Gus Poyet made two changes to the side that drew 2-2 away at West Bromwich Albion last Saturday. Santiago Vergini lined up to make his second Sunderland debut after re-joining the club on loan, the Argentinian replaced Valentin Roberge and slotted in at right-back allowing Wes Brown to reclaim his usual position at centre-half. An illness to Adam Johnson meant Will Buckley was thrust into the first-team for a daunting full debut, taking the place of the England international on the right-hand side of Sunderland’s midfield.
Poyet continued with his tried and tested 4-1-4-1 formation, and Steven Fletcher was again the preferred choice to lead the line for Sunderland leaving Connor Wickham to play from the left-hand side for the second week in a row.
A change in system just two weeks into the season would have meant Louis Van Gaal admitting he got his tactics horribly wrong ahead of the 2-1 defeat to Swansea last Saturday, so it’s unsurprising that Manchester United again lined up with the Dutch manager’s signature 3-4-1-2 formation. This particular system is characterised by its requirements in two specialist positions – left and right wing-back- and is immediately compromised by the fact that Van Gaal has no personnel fully equipped to fill either of these positions anywhere in his current squad. Antonio Valencia and Ashley Young were the pair tasked with manning the right and left wing-back roles respectively, with Valencia probably slightly better equipped than Young having at least some experience of playing as a right-back at United.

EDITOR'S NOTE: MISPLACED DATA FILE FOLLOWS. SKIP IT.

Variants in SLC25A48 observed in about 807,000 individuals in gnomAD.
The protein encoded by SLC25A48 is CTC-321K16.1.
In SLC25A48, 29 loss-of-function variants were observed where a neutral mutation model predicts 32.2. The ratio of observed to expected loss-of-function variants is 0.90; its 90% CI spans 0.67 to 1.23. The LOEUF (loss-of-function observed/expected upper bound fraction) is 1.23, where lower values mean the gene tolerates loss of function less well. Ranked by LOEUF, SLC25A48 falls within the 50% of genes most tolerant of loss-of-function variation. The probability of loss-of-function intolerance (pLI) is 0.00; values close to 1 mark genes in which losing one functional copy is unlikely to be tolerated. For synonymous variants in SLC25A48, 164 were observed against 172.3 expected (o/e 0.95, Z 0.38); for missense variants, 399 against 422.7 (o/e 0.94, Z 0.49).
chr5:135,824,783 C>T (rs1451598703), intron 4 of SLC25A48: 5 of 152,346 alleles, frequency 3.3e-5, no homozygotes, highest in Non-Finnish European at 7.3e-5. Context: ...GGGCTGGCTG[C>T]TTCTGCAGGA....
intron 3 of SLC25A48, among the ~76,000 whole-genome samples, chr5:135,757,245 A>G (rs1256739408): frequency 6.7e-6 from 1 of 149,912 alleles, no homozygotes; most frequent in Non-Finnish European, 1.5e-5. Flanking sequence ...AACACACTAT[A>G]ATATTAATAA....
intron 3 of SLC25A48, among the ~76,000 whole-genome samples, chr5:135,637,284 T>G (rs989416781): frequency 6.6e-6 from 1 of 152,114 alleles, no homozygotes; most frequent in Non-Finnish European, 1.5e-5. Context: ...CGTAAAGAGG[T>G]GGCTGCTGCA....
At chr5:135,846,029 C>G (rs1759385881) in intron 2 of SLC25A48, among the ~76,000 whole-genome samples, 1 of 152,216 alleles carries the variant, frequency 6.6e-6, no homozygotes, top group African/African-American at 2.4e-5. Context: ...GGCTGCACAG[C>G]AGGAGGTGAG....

With business still to be done in the transfer market, United are a stretched side at the moment and absentees for this fixture only stretched the squad even further. Van Gaal welcomed the return of his compatriot Robin Van Persie who was immediately reinstated into the first team, but £30 million pound signing Ander Herrera was forced to miss out through injury, leaving Tom Cleverly to fill the boots of the absent Spaniard.
Of course, as usual, Gus Poyet will have prepped the players to implement his brand of possession-based football in an attempt to control the tempo of the game and limit the amount of time Manchester United have on the ball. But aside from the 46-year-old’s general ethos, the Uruguayan’s match-specific preparations for this fixture will no doubt have been focussed on exploiting Manchester United’s obvious current weaknesses.